“I don’t like cheese.”
“No, no. I only eat the yogurt in the red containers. I’m afraid to even try another kind.”
“Corn? No thanks!”
“Not a fan of cilantro.”
These may sound like typical responses from the picky eaters at your house. And they are things I’ve overheard at mealtime.
But from adults.
And I can totally relate. Personally, I don’t like seafood. I’ve tried to be a good sport about it and I do sample it from time to time, but I honestly don’t enjoy it. I just don’t. A nice bout of food poisoning seems to be all I’ve ever gained for my noble efforts!
My husband has his own quirks. I know not to put fresh tomatoes on his salad or sandwich (though pico de gallo is no problem?). And if one of the kids leaves a half-eaten banana on the counter while I’m out of town, it could very well be waiting for me when I get back because the man hates that fruit so much he’ll hardly even touch one without some sort of barrier between his hand and the offensive produce.
So how do two picky eaters stand a chance of raising nutritionally well-rounded kids?
Having had my own food issues beyond the pickiness, I’ve come to learn some important facts about food. One is that your body needs it, obviously. Another is that our systems need the appropriate balance of nutrients from it, clearly. And perhaps most importantly, that as humans we need to feel in control of some of our food choices.
THAT’s the one that maybe isn’t so well-known.
Humans have a desire for autonomy and control and there are few places where that control is more native than with eating. In fact, many eating disorders are driven more by issues with control than with body image.
There’s a funny thing that happens when we adults try to exert too much control in an area where the control innately belongs to the child. They push back. And eating is one area where it’s easy to push back. You really can’t force a child to eat. (Not unless we’re talking feeding tubes.) And so parents and children lock horns in a passionate power struggle.
Setting aside the deeper topic of control, there’s an inkling of hypocrisy knowing that I can pass on the seafood and my husband can eschew the cheese but we expect our kids to eat whatever we put in front of them.
So given my own past issues with food, and what my husband and I both understand about human development (coupled with our own peculiar pickiness), we may appear to be a bit lax about mealtimes, because we’re rather anti-force at the dinner table. But I think there’s sound reason behind it.
So, based on what we know, here’s where we’ve landed on this issue in our home.
We encourage our kids to try new foods. They know they don’t have to eat something they don’t like, but they also know that we feel strongly that they have to taste something before declaring that they don’t like it. I try to model this as well, taking small bites of fish (which my kids all love, ironically) when it comes up on the menu.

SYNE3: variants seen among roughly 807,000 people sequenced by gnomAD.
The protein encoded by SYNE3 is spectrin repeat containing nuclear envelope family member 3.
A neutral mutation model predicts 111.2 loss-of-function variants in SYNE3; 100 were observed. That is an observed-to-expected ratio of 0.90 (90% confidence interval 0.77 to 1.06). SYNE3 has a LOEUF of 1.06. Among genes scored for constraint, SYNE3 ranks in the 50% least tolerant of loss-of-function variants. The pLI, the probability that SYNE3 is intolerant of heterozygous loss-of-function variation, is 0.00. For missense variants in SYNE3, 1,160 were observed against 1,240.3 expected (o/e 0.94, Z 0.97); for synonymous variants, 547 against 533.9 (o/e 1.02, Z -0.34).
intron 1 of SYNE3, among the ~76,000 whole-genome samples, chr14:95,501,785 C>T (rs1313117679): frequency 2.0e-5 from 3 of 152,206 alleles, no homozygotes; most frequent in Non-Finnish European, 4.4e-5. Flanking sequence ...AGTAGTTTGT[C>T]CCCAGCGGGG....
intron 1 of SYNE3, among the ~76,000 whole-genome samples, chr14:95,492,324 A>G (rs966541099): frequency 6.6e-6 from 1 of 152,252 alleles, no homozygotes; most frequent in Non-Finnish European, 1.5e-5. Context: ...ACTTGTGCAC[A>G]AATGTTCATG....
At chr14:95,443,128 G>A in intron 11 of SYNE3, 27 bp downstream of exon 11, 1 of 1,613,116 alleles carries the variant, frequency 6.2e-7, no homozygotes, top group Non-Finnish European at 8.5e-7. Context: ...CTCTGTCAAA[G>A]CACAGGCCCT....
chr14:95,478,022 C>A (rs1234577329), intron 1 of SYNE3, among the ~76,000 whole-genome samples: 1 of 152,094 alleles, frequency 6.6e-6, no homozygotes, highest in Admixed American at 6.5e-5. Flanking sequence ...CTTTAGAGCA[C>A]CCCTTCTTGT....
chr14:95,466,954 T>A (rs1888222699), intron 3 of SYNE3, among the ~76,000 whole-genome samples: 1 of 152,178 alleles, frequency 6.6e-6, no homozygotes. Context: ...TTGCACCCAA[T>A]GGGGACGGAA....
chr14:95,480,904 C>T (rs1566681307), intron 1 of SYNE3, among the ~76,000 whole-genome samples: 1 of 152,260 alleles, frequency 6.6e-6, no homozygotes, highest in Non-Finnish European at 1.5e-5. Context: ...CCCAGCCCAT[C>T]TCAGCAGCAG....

Kids are more likely to try a small taste, when they know they don’t have to eat it all. The power struggle is reduced when the boundary is set (try it first) and the choice is given (eat it if you like it, but not if you don’t).
My Job/ Your Job
So what if they choose not to eat what you’ve made for dinner?
Well, that’s where we clarify the job descriptions with our kids. I say, “My job is to make a healthy dinner for you, and I’ve done that. This is what’s for dinner. Your job is to be polite, make sure you get enough to eat so you’re not hungry, and to choose healthy foods so you’re taking care of your body.”
Our kids are welcome to have something else for dinner. But that’s their responsibility.
They have become rather self-sufficient, serving up their own yogurt, cereal, sandwiches, etc. We don’t force our kids to eat specific foods, but we ask them to be balanced. “You need some grains, some protein, and some fruits or vegetables.” We set the boundaries, they make the choices.
In the process, our kids have learned more about nutrition than they would have from simply telling them, “Eat your dinner. It’s healthy.” They’re getting pretty good at knowing which foods are protein sources and why their bodies need it. And when I see my son choosing to eat a whole, raw carrot instead of the cooked ones soaking in butter and sugar, I have to admit that some of his preferences are much more healthy than my own!
Another tactic we’ve found that helps with dinner decisions is to deconstruct dinner. Essentially, that means that when there are pieces and parts to put together, I often leave them separate and let my diners decide how to put it all together. (Again, reminding them of the nutritional parts they need, not the specific foods they have to have.)
When we have salad for example, one son will load up on spinach while another will go heavy on the carrots. And my husband doesn’t even have to touch the tomatoes. (Which really just leaves more for me!)
Tacos, sandwiches, dinner salads, and homemade pizzas are great opportunities to deconstruct dinner and let the kids take ownership. (Read more about Deconstructing Dinner in this post.)
So what are food fights like at your house? How do YOU resolve the power struggle?
(And what ironic food dislikes/likes do you share with your kids? Are they all enjoying salmon while you try to sit upwind, like I do?)